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Creating a New Pathway for the Future of Work

co-authored partnership with Laura Goodrich and Artur Meyster

Technology is changing the way humans live, interact, and communicate. We are on the verge of the fourth industrial revolution. Every year, more and more jobs are automated and the fear of being left behind is something many people have. However, the real situation is that technology exists to complement the lives of humans and that includes our work environment. We need to start seeing technology as our co-worker of the future.

There are already machines taking on many of the jobs that humans used to do, and they do them better and faster. Professionals have to see this as a good thing. Instead of being afraid of their professions disappearing in the future, they should take steps to make sure they are on the right path towards a better tomorrow. In fact, some of the skills we are sure technology is not going to replace any time soon include creativity, emotional intelligence, people management, critical thinking, and adaptability.

Adaptability will probably be the most important skill to have, considering most of the “IT” skills in the tech industry change very fast. Some might even consider being out of the tech loop for roughly a year is already equivalent to career suicide. Because of this, the skills needed to adapt to the constant changes will keep you in business. If you are still concerned, these are some of the tech job fields that will see more growth in the next few years. There are already many courses and bootcamps that can teach you these abilities without demanding years of commitment like a traditional college degree would.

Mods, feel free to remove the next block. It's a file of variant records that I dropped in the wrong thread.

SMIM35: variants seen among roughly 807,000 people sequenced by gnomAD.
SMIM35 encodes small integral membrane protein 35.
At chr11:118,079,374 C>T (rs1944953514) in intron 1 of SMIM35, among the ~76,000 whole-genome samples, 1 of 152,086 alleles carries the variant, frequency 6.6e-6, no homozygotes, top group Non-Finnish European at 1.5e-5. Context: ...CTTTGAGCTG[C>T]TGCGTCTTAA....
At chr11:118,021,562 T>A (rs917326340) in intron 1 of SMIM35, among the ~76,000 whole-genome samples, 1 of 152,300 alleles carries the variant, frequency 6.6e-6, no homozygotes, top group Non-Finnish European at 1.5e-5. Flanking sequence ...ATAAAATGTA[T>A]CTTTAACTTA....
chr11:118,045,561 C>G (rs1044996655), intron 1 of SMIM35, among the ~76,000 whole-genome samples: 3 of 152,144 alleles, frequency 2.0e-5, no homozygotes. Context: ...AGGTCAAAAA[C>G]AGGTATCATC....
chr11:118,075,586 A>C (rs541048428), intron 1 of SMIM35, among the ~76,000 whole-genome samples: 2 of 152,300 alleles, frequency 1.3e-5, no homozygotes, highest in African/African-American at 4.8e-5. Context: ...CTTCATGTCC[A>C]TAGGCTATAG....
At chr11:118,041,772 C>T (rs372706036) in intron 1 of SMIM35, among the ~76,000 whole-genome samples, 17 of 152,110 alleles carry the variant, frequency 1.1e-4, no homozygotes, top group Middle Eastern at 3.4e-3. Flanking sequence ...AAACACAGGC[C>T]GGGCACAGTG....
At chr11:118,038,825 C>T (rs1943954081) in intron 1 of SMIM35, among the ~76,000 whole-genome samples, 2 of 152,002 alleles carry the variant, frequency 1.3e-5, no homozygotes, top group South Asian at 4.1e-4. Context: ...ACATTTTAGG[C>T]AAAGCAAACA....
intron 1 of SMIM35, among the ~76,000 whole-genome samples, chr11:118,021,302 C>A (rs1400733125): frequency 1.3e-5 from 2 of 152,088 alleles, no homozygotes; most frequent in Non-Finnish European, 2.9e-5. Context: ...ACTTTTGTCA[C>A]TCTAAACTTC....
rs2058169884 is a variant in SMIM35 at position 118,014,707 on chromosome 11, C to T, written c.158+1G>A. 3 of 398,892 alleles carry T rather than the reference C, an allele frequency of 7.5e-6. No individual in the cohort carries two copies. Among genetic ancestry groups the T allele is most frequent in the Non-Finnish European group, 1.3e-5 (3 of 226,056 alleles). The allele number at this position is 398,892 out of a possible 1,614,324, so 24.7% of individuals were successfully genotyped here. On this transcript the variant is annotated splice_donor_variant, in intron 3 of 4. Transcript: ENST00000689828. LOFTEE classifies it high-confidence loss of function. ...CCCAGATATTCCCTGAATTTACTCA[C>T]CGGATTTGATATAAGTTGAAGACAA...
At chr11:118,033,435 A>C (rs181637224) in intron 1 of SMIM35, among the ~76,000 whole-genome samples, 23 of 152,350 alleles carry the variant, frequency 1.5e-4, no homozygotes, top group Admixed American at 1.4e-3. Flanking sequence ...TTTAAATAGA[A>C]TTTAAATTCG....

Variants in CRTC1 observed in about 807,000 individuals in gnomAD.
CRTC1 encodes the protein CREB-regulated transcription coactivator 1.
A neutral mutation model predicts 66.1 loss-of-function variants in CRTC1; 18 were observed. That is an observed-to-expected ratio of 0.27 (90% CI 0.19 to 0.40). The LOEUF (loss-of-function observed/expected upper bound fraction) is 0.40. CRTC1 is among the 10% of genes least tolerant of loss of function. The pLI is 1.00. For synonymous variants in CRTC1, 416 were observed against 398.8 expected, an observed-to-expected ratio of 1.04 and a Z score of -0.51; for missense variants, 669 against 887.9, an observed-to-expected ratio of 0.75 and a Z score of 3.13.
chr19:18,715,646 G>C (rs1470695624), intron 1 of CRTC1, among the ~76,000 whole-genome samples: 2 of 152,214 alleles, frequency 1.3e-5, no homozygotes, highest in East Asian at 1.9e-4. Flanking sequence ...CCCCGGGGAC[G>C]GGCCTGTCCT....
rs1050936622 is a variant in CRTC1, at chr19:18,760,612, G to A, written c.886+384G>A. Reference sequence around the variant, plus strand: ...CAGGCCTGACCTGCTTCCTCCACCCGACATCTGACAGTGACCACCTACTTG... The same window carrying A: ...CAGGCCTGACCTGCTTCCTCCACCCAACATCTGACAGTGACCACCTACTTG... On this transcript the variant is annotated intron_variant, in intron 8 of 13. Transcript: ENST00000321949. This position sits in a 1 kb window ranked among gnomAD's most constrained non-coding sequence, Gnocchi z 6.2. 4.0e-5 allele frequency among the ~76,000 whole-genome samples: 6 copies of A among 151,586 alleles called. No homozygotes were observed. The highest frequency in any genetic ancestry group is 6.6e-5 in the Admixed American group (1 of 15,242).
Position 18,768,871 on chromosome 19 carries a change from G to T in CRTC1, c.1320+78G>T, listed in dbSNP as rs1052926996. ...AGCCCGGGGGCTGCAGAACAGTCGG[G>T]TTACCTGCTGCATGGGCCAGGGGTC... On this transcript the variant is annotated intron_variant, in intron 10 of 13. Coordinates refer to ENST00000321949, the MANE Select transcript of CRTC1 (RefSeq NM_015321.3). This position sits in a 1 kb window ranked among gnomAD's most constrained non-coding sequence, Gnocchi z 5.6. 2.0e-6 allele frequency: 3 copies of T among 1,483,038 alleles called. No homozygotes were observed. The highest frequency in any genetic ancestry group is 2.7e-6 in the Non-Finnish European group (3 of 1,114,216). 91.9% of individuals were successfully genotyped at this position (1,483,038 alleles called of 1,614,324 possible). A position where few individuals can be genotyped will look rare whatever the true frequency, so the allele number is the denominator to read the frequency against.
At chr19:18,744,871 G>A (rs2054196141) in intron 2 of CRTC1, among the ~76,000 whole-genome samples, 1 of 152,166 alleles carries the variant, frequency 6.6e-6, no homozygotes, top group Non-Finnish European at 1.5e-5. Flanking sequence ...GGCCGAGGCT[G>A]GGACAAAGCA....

Data Analysis and Artificial Intelligence (AI)

Data Analysis and AI are two areas expected to see more growth in the next few years. A sure way to ensure a job in the future is to follow this career path. The skills that will be more needed are data science, data storage technologies, development tools, software development life cycle, management consulting, web development, digital literacy, competence with AI technologies, and scientific computing.

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Engineering and Cloud Computing

With the growth of technology, more than 50% of the world population now has access to the internet—and these digits are only growing. Because of this, cloud computing is now a necessity. Jobs that will be needed in the future include site software engineering roles like reliability engineer, Python developer, full stack engineer, JavaScript developer, back end developer, platform engineer, cloud engineer, and cloud consultant.

Positions Regarding People and Culture

Even though many people are afraid that machines are going to take over, one thing about technology is that humans are still at the center of it all. For this reason, people and culture are still going to be the core of businesses. If anything, the way we work is going to change, with more flexible jobs and remote working positions available. And the same rules of engagement at a distance are simply not enough. At the core, empowering other people to transform their underlying assumptions of organizations and work is critical. Some emerging jobs in this category are IT recruiters, teachers, nursing, talent acquisition specialist, business partner, and any type of job that’s related to creativity. Even if a profession isn’t tech per se, being digitally literate will only work in your favor.

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Product Development

At the rate of which the world is going, companies are going to need to keep up. Society is getting used to constant change, which means they somewhat expect a constant stream of new products to have their attention. Therefore, product development will be at the center of everything. In this area, some roles that will likely see the biggest growth in demand are product owner, quality assurance tester, agile coach, software quality assurance engineer, product analyst, scrum master, digital product manager, and delivery lead.

Artur Meyster is the CTO of Career Karma (YC W19), an online marketplace that matches career switchers with coding bootcamps. He is also the host of the Breaking Into Startups podcast, which features people with non-traditional backgrounds who broke into tech.

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